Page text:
Corporates with loss-affected accounts are already seeing significant increases. Some businesses with Thai exposed programmes have experienced a 25% increase and have had loss limits introduced, said Mr Pritchard.
Overseas exposed accounts are getting tougher, but property and casualty mid-market and corporate business in the United Kingdom, for example, are still seeing reductions at renewal, said Pritchard. “Currently rates for European and UK exposed large commercial business are relatively stable.”
Reinsurers have also grown nervous over business interruption and contingent BI after suffering losses for the Japan earthquake and Thai floods.
Reinsurers have begun to apply more restrictive clauses for BI and CBI in emerging markets, said Mr Vickers. “It is all about transparency. At renewal reinsurers were applying sub-limits and are pressing for more information on what insurers are offering..
As reinsurers push for restrictions, primary insurers will have to adopt the same approach or run the risks net. It will become harder for buyers to get CBI cover.”
Reinsurers have warned that they are looking closer at CBI, said Mr Pritchard. “CBI cover for unspecified suppliers could become more challenging to purchase and insurers will require more information so that they are able to model known suppliers.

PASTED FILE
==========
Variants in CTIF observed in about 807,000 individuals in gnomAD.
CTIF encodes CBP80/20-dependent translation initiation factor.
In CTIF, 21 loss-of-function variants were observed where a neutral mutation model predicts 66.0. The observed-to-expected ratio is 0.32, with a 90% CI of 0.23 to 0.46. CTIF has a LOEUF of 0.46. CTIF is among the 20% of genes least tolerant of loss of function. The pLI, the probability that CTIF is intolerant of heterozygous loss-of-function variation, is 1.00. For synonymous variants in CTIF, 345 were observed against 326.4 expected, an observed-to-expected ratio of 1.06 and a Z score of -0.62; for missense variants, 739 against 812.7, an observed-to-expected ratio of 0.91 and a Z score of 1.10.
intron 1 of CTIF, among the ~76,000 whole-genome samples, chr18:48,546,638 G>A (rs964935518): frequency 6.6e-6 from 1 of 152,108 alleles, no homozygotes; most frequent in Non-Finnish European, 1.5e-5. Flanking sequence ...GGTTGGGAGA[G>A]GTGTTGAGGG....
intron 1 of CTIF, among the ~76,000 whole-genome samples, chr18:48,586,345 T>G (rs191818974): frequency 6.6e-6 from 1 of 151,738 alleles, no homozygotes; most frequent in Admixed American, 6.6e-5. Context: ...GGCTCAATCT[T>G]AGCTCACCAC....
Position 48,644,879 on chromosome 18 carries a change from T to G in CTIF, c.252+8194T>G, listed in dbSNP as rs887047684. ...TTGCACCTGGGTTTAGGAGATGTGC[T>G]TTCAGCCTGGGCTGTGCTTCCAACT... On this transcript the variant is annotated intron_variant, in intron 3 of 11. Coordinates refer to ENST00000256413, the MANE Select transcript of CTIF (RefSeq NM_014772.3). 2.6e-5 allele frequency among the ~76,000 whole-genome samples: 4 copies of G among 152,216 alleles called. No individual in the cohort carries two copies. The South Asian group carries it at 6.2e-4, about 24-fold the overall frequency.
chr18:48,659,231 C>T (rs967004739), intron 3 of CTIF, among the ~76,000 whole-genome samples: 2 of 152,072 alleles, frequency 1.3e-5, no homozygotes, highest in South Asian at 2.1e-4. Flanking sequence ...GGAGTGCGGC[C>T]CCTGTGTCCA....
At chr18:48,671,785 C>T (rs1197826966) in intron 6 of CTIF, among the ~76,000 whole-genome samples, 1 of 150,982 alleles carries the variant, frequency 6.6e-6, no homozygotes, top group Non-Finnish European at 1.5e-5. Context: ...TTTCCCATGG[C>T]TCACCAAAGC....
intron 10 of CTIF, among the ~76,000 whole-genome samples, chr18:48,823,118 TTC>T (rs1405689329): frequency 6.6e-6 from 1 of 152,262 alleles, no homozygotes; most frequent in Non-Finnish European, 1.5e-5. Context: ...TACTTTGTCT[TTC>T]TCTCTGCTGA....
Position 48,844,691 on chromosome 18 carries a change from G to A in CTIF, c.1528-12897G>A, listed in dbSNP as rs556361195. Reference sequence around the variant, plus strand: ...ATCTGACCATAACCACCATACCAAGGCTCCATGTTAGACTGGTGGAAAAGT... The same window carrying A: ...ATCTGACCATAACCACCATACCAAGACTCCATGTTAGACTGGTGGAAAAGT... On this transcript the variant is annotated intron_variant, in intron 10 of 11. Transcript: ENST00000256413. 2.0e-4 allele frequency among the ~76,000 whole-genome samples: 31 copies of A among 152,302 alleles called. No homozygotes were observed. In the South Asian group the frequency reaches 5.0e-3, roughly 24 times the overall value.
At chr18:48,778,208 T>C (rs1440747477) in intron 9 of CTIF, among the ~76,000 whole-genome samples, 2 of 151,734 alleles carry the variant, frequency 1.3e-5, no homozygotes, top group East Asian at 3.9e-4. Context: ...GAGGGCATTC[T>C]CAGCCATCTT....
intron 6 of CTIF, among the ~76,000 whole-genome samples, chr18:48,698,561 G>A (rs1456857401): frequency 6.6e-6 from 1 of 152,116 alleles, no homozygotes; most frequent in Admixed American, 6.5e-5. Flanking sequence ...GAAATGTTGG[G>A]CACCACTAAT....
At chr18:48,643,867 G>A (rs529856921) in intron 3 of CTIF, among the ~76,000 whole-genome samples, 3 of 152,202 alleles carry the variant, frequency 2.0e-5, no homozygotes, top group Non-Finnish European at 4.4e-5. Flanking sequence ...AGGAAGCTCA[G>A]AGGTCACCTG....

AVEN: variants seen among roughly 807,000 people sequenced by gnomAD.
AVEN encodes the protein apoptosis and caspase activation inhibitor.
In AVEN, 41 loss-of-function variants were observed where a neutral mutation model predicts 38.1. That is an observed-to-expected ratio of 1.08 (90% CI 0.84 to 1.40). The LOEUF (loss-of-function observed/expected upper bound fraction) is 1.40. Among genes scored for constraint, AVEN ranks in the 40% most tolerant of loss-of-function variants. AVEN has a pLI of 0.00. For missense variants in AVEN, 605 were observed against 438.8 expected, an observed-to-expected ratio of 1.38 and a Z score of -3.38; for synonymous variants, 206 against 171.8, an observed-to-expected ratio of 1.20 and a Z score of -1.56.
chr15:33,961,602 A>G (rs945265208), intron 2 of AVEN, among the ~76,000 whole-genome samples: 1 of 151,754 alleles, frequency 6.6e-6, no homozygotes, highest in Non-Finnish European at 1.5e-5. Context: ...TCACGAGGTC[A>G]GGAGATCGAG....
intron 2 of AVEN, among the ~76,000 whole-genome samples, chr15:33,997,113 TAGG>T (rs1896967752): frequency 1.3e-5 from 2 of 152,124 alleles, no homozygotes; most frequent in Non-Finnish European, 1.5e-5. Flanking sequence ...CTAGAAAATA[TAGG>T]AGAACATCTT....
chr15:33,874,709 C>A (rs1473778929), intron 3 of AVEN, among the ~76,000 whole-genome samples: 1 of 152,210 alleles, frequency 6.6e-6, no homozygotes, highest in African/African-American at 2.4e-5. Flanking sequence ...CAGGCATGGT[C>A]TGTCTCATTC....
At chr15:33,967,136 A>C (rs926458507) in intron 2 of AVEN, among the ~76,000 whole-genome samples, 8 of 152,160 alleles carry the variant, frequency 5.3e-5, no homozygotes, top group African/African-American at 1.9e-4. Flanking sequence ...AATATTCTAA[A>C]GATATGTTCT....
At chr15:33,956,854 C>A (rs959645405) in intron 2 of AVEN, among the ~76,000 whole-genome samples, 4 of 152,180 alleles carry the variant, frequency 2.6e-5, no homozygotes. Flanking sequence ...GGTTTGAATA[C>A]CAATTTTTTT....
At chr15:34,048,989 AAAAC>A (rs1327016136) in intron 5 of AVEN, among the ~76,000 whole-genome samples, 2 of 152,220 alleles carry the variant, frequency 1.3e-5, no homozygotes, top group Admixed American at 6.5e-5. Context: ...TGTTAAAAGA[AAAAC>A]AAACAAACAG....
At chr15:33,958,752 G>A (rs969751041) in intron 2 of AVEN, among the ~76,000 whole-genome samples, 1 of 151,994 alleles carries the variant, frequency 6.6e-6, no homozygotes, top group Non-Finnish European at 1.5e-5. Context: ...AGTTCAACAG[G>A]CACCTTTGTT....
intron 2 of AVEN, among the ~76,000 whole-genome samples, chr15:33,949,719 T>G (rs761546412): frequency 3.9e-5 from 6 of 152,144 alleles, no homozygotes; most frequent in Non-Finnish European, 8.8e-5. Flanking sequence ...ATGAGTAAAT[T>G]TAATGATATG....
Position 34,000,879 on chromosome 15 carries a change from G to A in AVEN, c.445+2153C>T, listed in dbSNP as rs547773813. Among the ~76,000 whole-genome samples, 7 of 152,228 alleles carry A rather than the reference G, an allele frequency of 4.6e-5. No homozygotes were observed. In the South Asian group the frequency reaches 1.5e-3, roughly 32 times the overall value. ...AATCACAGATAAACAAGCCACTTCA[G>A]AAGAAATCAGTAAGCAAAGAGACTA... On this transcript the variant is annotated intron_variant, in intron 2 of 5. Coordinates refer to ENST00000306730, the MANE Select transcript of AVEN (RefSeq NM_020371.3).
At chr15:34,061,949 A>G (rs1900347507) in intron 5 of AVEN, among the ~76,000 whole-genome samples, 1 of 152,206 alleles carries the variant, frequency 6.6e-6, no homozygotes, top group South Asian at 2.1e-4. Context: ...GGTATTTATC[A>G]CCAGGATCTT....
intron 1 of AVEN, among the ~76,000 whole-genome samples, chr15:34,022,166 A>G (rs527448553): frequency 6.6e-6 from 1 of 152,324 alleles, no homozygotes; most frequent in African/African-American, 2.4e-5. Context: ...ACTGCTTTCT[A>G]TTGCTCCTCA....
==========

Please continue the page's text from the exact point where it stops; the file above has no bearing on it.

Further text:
“Cover will be available, but insurers won’t give CBI cover away for nothing. They will look to underwrite it specifically and will expect a premium.”
Reinsurers have not reacted to last year’s near record losses with market-wide increases, according to James Vickers of Willis Re. Instead they differentiated between accounts and lines of business at renewal, adjusting rates for loss affected and poorly modelled catastrophe business, said Mr Vickers.
For business that was not affected by last year’s losses and that showed good data, the January renewal was calm. There was a modest uptick in prices for European wind exposed reinsurance, with very few rate reductions being given by reinsurers, said Vickers.
The reinsurance renewal season has been a ‘mixed bag’, according to Hartmut Mai, board member of Allianz Global Corporate & Specialty (AGCS). “We’ve seen a smooth renewal for established business with proven track records while portfolios with exposures to cat risks are under serious scrutiny.”
“For example, where there is a stable loss record—say in parts of the liability market—I’d say it’s a more or less stable market, but if you look at loss-prone or nat cat exposed risks—particularly in respect of BI exposures—capacity is harder to find at the right terms and conditions. This is also true for energy and financial lines risks where reinsurance capacity has been much tighter.”